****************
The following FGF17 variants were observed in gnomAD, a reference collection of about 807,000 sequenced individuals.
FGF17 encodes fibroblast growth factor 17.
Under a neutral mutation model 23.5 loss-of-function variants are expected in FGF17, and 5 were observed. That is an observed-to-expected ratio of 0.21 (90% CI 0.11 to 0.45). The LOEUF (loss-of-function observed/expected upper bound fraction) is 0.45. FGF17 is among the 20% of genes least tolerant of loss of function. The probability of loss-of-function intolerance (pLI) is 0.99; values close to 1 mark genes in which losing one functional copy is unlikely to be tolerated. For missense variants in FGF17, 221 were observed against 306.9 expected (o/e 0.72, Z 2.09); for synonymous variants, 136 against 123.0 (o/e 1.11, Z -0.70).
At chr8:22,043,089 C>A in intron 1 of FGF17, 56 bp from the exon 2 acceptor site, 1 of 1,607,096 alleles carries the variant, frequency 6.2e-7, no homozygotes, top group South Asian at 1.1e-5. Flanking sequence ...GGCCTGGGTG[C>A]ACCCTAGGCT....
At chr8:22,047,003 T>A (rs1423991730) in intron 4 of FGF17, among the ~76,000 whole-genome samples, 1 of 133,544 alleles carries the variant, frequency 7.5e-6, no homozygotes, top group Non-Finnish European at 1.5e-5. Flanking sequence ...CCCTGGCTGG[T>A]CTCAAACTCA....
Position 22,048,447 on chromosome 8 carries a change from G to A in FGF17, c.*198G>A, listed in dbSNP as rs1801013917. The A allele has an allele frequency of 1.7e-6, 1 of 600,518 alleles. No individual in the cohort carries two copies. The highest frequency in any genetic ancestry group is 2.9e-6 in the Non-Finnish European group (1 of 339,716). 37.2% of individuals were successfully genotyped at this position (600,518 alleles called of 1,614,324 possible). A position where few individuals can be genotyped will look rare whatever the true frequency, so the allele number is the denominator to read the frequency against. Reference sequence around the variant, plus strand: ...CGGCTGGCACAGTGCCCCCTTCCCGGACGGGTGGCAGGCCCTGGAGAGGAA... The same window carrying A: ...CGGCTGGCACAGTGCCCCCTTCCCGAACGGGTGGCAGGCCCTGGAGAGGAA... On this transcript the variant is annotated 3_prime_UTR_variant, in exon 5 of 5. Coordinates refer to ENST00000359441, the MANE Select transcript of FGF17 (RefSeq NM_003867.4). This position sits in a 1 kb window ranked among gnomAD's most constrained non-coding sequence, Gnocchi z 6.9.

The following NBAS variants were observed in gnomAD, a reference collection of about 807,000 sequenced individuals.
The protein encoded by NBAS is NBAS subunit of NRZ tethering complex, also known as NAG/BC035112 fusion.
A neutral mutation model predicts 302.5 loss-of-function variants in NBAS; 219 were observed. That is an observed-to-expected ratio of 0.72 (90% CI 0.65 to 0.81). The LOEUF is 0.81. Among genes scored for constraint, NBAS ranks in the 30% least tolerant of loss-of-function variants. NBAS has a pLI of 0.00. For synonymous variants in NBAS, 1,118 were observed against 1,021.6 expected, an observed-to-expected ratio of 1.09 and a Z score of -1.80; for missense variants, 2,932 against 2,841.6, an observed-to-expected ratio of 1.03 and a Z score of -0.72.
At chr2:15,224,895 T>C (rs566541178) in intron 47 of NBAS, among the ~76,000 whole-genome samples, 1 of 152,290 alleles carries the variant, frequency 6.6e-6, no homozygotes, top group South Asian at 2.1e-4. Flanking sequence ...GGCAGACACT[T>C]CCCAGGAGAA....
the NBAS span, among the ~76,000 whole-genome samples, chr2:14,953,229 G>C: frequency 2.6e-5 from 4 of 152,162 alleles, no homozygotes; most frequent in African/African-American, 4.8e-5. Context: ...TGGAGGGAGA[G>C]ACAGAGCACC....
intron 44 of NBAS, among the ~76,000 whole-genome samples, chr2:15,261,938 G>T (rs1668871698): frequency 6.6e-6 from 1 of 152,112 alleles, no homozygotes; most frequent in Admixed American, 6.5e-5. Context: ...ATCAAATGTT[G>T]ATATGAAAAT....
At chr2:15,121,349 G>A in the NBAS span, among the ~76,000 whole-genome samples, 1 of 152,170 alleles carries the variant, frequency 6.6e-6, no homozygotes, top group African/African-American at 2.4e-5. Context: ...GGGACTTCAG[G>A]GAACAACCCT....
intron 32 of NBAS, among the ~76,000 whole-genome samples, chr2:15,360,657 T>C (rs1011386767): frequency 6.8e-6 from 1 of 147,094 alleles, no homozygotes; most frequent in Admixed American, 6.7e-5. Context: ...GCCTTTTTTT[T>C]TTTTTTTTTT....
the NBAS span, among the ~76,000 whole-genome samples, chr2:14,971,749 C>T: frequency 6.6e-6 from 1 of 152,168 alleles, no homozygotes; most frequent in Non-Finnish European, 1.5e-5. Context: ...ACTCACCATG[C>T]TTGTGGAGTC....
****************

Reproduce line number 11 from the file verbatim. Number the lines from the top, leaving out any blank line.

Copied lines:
the NBAS span, among the ~76,000 whole-genome samples, chr2:14,953,229 G>C: frequency 2.6e-5 from 4 of 152,162 alleles, no homozygotes; most frequent in African/African-American, 4.8e-5. Context: ...TGGAGGGAGA[G>C]ACAGAGCACC....